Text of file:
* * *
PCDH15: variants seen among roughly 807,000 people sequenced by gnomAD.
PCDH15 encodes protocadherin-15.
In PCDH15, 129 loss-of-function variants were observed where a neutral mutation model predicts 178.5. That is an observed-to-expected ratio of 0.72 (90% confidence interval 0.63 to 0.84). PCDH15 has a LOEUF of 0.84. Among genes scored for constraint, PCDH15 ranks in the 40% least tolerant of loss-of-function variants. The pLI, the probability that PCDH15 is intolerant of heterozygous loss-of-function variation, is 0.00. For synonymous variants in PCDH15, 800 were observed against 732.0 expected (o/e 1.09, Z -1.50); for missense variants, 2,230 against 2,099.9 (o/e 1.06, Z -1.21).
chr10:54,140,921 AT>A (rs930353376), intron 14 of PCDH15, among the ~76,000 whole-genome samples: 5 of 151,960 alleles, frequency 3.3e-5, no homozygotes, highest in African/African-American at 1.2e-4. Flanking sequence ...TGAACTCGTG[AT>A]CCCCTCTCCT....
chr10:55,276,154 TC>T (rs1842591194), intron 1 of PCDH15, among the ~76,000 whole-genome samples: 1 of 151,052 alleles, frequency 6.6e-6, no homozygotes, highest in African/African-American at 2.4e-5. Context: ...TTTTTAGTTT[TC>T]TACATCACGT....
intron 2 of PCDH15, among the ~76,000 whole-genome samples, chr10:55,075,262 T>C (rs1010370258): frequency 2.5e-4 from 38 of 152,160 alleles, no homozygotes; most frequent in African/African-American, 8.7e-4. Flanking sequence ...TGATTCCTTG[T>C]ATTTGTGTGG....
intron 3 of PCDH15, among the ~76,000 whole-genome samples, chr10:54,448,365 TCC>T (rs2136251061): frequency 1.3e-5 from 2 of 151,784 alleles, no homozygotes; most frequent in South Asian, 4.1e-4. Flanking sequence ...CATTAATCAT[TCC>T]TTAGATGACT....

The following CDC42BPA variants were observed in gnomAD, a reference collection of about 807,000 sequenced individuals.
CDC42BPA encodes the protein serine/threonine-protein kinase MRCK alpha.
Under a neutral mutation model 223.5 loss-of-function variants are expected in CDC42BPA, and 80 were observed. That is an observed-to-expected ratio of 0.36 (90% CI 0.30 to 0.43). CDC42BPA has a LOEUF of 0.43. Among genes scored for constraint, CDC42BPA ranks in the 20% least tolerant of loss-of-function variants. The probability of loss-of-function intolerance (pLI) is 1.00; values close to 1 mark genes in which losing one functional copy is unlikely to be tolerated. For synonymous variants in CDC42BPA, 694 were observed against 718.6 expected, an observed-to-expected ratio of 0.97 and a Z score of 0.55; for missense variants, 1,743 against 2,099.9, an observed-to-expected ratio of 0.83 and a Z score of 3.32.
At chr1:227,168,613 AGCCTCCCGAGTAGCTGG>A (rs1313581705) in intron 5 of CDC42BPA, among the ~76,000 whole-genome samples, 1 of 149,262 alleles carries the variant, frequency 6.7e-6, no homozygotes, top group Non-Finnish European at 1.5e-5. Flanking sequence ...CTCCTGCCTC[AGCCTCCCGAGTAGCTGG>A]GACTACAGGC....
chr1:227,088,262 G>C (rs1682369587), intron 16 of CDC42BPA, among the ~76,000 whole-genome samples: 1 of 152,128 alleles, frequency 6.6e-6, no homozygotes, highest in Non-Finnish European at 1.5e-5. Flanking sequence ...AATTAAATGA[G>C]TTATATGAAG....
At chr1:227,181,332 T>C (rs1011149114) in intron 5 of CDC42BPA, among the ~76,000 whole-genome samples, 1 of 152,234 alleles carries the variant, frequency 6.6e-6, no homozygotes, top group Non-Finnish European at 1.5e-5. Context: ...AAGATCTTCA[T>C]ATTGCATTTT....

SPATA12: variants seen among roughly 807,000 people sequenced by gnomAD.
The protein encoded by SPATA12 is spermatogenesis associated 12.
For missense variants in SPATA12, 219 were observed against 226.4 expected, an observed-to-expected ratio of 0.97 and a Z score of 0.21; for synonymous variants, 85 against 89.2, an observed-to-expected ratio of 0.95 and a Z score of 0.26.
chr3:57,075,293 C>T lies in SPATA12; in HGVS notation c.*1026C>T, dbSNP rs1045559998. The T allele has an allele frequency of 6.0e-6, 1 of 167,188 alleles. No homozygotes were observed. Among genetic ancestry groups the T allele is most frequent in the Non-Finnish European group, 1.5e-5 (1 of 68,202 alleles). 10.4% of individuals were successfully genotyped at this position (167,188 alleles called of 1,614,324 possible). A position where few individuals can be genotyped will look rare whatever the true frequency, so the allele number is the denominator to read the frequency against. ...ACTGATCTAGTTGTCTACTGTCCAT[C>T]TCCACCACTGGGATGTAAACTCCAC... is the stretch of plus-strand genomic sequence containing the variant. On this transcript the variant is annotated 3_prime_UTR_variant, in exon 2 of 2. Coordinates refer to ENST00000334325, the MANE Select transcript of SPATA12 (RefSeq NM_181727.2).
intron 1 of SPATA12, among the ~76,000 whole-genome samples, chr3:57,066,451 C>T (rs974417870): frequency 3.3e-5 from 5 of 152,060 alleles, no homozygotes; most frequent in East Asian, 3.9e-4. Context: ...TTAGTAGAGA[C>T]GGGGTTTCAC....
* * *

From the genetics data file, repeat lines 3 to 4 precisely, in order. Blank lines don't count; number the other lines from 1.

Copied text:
In PCDH15, 129 loss-of-function variants were observed where a neutral mutation model predicts 178.5. That is an observed-to-expected ratio of 0.72 (90% confidence interval 0.63 to 0.84). PCDH15 has a LOEUF of 0.84. Among genes scored for constraint, PCDH15 ranks in the 40% least tolerant of loss-of-function variants. The pLI, the probability that PCDH15 is intolerant of heterozygous loss-of-function variation, is 0.00. For synonymous variants in PCDH15, 800 were observed against 732.0 expected (o/e 1.09, Z -1.50); for missense variants, 2,230 against 2,099.9 (o/e 1.06, Z -1.21).
chr10:54,140,921 AT>A (rs930353376), intron 14 of PCDH15, among the ~76,000 whole-genome samples: 5 of 151,960 alleles, frequency 3.3e-5, no homozygotes, highest in African/African-American at 1.2e-4. Flanking sequence ...TGAACTCGTG[AT>A]CCCCTCTCCT....